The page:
Certain sports in Washington are subject to new safety guidelines after a massive COVID-19 outbreak at four high school wrestling tournaments led to some 200 cases of the virus.
On Friday, Dec. 17, the Department of Health released these updated safety measures for high-contact sports, including basketball, wrestling, water polo and competitive cheer:
- Required testing of all athletes, coaches, trainers and support personnel, regardless of vaccination status.
- Testing should be three times a week, ideally with a test the day before the competition or day of the event.
The department also reiterated that masks are required indoors at these types of sporting events for all spectators, athletes and coaches, except when someone is actively competing.
The superspreader tournaments Dec. 4 have been connected to confirmed cases of the omicron variant, indicating its potential for rapid spread. The high school wrestling tournaments were attended by schools in Clark and Cowlitz counties, among others.
Public health officials and modelers are expecting COVID-19 case counts to skyrocket soon due to the variant, currently only confirmed in Western Washington but expected to spread to other areas quickly.
In other countries, omicron cases are doubling every two to three days, Trevor Bedford, computational biologist at Fred Hutchinson Cancer Research Center, told reporters on Dec. 17. This means that by Dec. 22, King County could have more than 2,000 daily omicron cases, which is three times the number of cases seen at the pandemic's peak in the county.
"I am certain they will be the highest case counts we've seen in the pandemic," Bedford said.
This is already happening in New York City, in part due to omicron.
The amount of omicron cases detected at the University of Washington Virology Lab continues to increase steeply, likely surpassing samples of the delta variant in the coming weeks. Currently 40% of isolates screened by the UW lab are being confirmed as omicron.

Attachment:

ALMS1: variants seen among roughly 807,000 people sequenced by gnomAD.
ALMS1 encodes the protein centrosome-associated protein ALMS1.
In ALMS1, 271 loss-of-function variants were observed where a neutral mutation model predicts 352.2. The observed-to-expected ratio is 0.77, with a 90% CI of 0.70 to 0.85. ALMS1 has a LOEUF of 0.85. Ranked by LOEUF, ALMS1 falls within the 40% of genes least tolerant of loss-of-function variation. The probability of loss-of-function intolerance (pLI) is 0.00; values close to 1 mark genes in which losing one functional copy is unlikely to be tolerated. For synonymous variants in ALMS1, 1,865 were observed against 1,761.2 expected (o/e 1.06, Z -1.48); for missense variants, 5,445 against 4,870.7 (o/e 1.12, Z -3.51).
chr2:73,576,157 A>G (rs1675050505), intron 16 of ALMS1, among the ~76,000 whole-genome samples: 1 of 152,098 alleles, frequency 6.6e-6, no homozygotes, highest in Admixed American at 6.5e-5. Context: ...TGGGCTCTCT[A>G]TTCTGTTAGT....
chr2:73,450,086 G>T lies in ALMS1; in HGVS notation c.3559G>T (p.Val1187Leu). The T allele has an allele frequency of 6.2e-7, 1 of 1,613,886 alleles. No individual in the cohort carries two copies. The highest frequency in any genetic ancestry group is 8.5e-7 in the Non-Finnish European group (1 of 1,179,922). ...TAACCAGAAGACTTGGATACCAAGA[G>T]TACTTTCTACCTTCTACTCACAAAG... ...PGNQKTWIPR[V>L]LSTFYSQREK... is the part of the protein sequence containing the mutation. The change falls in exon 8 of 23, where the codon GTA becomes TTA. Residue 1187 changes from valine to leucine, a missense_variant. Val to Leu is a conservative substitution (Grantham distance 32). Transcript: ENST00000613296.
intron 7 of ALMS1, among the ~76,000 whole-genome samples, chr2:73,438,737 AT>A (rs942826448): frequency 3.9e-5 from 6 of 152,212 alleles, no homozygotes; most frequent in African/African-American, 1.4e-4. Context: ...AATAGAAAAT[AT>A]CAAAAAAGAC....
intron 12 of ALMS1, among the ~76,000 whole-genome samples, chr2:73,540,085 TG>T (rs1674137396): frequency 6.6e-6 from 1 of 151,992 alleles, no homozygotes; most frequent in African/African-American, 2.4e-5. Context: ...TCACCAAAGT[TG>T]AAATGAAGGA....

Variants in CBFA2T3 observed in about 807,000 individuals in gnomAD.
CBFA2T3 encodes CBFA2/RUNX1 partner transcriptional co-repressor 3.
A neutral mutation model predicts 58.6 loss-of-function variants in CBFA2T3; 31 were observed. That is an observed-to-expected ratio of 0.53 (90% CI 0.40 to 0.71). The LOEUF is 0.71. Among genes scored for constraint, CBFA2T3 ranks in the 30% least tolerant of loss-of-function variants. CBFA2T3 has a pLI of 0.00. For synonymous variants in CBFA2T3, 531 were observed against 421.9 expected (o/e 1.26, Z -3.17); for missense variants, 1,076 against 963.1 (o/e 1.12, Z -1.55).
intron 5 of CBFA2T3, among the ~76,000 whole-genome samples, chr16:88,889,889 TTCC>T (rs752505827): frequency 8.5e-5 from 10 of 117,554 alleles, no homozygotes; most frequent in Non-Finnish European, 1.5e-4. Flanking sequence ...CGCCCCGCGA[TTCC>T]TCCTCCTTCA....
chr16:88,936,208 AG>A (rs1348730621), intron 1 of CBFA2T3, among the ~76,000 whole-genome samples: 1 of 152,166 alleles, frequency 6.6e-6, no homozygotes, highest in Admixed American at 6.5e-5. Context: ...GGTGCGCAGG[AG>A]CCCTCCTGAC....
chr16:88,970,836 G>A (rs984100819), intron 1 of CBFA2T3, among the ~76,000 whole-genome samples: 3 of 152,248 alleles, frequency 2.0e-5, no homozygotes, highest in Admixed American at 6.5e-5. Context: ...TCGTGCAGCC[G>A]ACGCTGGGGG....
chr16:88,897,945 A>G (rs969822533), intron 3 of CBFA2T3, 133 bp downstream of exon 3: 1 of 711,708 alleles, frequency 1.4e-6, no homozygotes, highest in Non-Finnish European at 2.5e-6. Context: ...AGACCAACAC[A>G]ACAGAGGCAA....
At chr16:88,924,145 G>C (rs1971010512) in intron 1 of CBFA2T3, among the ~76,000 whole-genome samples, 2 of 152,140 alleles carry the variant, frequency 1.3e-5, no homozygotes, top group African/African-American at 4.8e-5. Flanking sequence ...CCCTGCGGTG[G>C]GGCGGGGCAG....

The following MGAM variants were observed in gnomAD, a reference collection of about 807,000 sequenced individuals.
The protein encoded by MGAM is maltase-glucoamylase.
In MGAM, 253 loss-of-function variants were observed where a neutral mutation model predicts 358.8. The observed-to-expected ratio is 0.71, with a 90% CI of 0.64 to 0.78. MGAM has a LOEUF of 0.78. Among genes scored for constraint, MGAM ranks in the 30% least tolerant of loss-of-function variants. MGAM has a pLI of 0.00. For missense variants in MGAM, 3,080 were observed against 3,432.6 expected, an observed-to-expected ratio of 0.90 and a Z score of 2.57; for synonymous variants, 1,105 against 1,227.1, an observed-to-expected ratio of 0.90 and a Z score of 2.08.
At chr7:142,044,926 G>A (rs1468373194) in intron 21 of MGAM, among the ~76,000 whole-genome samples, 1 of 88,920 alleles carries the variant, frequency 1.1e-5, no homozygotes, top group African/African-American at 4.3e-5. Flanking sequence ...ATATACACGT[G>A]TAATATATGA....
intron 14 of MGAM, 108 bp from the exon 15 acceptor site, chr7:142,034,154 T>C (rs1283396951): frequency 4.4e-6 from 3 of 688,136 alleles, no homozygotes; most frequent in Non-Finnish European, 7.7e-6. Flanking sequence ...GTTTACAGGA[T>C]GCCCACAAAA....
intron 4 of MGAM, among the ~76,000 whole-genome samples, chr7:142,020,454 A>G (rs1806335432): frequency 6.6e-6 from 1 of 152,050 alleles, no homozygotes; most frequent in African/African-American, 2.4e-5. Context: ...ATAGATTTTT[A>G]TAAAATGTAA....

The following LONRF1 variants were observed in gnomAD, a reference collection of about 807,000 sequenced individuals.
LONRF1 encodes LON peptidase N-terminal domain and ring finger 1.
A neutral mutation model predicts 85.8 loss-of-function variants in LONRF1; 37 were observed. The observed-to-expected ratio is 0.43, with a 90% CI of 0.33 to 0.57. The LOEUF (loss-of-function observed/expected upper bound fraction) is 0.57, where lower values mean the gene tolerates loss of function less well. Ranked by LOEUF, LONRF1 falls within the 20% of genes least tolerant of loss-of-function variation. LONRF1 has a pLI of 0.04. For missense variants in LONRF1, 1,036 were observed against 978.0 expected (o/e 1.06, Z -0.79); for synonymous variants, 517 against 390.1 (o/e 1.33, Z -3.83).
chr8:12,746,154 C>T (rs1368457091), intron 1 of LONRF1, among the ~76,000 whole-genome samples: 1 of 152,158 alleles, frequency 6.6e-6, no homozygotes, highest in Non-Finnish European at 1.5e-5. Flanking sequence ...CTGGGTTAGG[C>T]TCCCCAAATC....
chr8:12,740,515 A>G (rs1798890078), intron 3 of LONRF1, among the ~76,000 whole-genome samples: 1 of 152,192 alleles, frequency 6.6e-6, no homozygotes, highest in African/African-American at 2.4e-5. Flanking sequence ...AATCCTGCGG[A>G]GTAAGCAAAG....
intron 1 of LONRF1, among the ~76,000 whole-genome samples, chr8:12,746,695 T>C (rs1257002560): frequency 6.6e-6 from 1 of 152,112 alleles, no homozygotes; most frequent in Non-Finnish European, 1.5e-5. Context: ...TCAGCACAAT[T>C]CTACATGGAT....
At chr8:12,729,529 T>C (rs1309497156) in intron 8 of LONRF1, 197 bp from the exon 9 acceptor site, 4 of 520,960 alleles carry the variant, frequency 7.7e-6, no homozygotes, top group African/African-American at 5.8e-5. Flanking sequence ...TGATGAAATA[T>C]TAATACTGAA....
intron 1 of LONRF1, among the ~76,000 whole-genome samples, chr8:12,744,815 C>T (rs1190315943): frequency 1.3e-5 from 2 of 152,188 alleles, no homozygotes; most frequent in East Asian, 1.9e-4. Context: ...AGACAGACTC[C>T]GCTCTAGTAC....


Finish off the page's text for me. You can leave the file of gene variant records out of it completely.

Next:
Case counts are starting to edge up again in King County as a result.
Health officials expect many people will get infected in a short timeframe, including people who are fully vaccinated. So far, data from other countries and limited data in the United States show that those who are fully vaccinated and contract omicron have a mild illness.
But when so many people get infected, some will need hospitalization, and that is what concerns health officials in Washington, with hospital occupancy currently at 91%.
"When so many people are infected in such a short time frame, it can mean a lot of people needing hospitalization at once," King County Health Officer Dr. Jeff Duchin told reporters on Friday.
"Vaccination alone will not be enough to stop the spread of omicron. We need to take advantage of as many layers as we can," he added.
Duchin encouraged using high quality KN95 or N95 masks, avoiding large indoor gatherings, improving ventilation and using rapid tests before seeing others.
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